- 16-35mm f/4G US$100 rebate — This is another good but not great lens. The real issue with it is that it has a lot of linear distortion to it, so what you see in the viewfinder is not necessarily what you’ll get in a corrected image. However, it does take filters, and it is optically very good throughout its range.
- 20mm f/1.8G US$50 rebate — Not much of a rebate, but this is a great lens for the price (see my review). Indeed, it may at the top of the choices you can make for shooting 20mm on a Nikon DSLR. Recommended
- 24-70mm f/2.8G US$100 rebate — The old beast is still available. It’s a good but not great lens. Thing is, do you want to pay US$800 more for a better lens with VR? Nikon’s hoping you don’t so that they can rid themselves of some inventory.
- 35mm f/1.4G US$200 rebate — Okay, this is a very good lens, but awfully expensive for a simple prime, even a fast one (and even with the rebate). I know multiple people—including myself—who eventually got rid of their 35mm f/1.4G simply because there were smaller, less expensive choices that were almost as good (e.g. 35mm f/1.8G). I’m also not a big fan of the “slightly wide angle” view of this focal length. But if you need a fast 35mm, you can do far worse than this lens.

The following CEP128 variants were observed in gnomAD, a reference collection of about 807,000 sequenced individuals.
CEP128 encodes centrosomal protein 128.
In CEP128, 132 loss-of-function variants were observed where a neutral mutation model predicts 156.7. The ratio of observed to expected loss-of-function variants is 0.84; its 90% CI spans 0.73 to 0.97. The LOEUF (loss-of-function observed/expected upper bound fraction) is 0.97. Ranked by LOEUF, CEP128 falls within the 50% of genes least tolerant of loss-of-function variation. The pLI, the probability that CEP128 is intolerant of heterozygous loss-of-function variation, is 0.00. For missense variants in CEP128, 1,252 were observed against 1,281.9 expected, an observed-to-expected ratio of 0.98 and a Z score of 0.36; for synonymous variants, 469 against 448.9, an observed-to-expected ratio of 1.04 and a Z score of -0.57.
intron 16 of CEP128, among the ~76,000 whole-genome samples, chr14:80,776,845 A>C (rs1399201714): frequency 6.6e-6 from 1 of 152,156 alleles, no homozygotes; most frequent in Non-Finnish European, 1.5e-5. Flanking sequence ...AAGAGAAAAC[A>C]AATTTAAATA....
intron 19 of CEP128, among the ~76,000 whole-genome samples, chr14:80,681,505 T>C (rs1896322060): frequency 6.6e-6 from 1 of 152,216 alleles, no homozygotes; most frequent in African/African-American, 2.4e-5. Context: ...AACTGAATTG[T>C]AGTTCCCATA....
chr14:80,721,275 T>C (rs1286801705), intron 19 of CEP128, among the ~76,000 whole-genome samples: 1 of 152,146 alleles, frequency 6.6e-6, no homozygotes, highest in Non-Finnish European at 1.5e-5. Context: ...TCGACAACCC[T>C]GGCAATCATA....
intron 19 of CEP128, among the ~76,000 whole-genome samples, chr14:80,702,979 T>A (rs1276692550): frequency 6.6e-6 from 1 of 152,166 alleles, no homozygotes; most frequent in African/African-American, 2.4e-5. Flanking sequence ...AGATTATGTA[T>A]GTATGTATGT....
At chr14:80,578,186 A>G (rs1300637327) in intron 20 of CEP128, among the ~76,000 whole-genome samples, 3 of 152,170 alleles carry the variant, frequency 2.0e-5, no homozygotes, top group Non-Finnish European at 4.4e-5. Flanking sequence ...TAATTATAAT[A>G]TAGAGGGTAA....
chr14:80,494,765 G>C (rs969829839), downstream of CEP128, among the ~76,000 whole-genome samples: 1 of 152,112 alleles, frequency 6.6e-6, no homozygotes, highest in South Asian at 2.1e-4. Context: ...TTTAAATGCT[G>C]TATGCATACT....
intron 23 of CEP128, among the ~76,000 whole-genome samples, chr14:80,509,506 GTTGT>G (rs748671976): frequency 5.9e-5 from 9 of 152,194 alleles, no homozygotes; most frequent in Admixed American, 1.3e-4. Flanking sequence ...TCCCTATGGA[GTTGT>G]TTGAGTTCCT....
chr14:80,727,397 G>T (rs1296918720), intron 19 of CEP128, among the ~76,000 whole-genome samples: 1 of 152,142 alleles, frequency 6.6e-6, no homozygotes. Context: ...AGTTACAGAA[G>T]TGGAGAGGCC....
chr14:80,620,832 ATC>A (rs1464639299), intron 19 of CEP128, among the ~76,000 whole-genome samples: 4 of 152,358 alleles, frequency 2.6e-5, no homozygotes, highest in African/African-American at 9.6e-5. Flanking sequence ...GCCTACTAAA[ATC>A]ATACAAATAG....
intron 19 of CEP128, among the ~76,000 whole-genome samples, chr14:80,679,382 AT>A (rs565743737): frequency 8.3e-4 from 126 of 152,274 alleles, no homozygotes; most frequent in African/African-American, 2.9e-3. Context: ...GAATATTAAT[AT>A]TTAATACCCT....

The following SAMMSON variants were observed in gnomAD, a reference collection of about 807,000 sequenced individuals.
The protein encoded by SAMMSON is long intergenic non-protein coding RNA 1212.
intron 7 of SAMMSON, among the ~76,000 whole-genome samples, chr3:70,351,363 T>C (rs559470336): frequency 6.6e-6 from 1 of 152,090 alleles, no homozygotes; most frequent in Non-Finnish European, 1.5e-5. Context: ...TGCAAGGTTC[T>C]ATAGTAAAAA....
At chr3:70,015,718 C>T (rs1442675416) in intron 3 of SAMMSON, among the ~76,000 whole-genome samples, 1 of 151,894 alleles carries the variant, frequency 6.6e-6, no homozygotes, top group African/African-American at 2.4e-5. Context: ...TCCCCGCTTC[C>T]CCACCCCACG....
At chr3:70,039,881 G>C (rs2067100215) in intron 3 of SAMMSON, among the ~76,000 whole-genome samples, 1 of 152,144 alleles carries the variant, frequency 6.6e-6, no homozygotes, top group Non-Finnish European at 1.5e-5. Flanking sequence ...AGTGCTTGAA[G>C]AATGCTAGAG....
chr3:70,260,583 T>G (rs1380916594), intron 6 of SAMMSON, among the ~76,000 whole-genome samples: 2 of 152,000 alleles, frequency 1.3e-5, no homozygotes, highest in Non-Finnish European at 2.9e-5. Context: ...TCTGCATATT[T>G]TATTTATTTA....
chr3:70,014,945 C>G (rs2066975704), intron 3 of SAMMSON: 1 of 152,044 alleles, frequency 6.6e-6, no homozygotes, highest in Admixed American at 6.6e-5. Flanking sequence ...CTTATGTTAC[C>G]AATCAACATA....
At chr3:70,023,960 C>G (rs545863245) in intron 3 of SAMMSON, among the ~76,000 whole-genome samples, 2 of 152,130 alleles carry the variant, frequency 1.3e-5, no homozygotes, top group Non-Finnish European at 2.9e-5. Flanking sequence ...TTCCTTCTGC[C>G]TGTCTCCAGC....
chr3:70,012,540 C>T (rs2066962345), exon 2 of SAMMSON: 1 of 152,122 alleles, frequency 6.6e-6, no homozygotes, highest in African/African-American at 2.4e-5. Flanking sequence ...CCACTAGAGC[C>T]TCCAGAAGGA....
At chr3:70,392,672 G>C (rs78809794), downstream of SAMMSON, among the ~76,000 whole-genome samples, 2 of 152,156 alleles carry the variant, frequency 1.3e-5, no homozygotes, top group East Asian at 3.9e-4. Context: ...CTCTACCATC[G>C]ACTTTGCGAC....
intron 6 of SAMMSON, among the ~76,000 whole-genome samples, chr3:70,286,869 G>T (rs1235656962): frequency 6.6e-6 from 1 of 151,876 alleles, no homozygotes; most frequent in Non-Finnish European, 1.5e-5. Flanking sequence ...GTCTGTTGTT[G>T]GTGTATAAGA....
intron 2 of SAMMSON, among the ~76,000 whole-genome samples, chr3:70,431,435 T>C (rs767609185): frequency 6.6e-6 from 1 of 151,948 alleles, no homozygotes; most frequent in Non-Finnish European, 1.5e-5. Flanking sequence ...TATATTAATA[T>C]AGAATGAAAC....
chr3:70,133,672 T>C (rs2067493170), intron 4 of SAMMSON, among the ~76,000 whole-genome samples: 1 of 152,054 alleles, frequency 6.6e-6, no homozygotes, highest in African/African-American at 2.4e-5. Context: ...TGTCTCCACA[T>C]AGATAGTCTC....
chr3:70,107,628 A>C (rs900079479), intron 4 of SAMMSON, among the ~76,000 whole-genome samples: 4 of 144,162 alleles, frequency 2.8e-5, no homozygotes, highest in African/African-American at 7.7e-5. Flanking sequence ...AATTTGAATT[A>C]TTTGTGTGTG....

- 40mm f/2.8G DX US$30 rebate — Yes, this is a Micro-Nikkor and sharp. But the working distance for 1:1 is infinitesimal. Thus, you generally don’t use this as a macro lens. So do you really want a 40mm f/2.8 (60mm effective on DX bodies)? Probably not, especially if you already have the 35mm f/1.8 DX.
- 50mm f/1.4G US$50 rebate — I think everyone knows what I think about Nikon’s 50mm lenses: the newer AF-S versions aren’t exactly up to Nikon’s own recent prime standards. You might as well buy the cheapest f/1.8D you can find (assuming you have a body with a screw focus drive, which leaves out you D3xxx and D5xxx users. Not a fan of this lens.
- 85mm f/1.8G US$50 rebate — This is my personal choice of 85mm lenses from Nikon these days. First, it’s inexpensive. Second, it is so close to the f/1.4G version from f/2 onwards that you really have to have a dire need for two-thirds more of a stop at the fast end (see my review). Recommended